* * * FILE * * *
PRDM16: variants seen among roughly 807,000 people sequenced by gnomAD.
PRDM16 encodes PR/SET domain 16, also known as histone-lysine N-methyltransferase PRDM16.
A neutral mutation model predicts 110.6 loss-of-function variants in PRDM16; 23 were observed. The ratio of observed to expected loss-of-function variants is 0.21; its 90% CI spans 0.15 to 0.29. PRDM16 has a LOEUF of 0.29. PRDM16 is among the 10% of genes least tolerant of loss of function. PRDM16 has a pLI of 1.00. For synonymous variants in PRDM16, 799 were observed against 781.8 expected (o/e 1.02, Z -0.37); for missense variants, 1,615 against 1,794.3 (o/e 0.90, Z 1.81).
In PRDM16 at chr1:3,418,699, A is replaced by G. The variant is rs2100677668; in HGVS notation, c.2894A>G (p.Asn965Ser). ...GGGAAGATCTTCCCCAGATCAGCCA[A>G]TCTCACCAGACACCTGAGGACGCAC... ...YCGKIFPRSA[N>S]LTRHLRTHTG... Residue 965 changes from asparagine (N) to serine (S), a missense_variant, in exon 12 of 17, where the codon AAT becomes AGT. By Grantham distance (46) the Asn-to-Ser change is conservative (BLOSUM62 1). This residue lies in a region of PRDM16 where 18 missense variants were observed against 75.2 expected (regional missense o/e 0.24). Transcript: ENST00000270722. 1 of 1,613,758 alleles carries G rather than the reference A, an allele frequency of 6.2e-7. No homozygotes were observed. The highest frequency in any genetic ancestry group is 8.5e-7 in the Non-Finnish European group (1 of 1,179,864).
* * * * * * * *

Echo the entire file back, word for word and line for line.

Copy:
PRDM16: variants seen among roughly 807,000 people sequenced by gnomAD.
PRDM16 encodes PR/SET domain 16, also known as histone-lysine N-methyltransferase PRDM16.
A neutral mutation model predicts 110.6 loss-of-function variants in PRDM16; 23 were observed. The ratio of observed to expected loss-of-function variants is 0.21; its 90% CI spans 0.15 to 0.29. PRDM16 has a LOEUF of 0.29. PRDM16 is among the 10% of genes least tolerant of loss of function. PRDM16 has a pLI of 1.00. For synonymous variants in PRDM16, 799 were observed against 781.8 expected (o/e 1.02, Z -0.37); for missense variants, 1,615 against 1,794.3 (o/e 0.90, Z 1.81).
In PRDM16 at chr1:3,418,699, A is replaced by G. The variant is rs2100677668; in HGVS notation, c.2894A>G (p.Asn965Ser). ...GGGAAGATCTTCCCCAGATCAGCCA[A>G]TCTCACCAGACACCTGAGGACGCAC... ...YCGKIFPRSA[N>S]LTRHLRTHTG... Residue 965 changes from asparagine (N) to serine (S), a missense_variant, in exon 12 of 17, where the codon AAT becomes AGT. By Grantham distance (46) the Asn-to-Ser change is conservative (BLOSUM62 1). This residue lies in a region of PRDM16 where 18 missense variants were observed against 75.2 expected (regional missense o/e 0.24). Transcript: ENST00000270722. 1 of 1,613,758 alleles carries G rather than the reference A, an allele frequency of 6.2e-7. No homozygotes were observed. The highest frequency in any genetic ancestry group is 8.5e-7 in the Non-Finnish European group (1 of 1,179,864).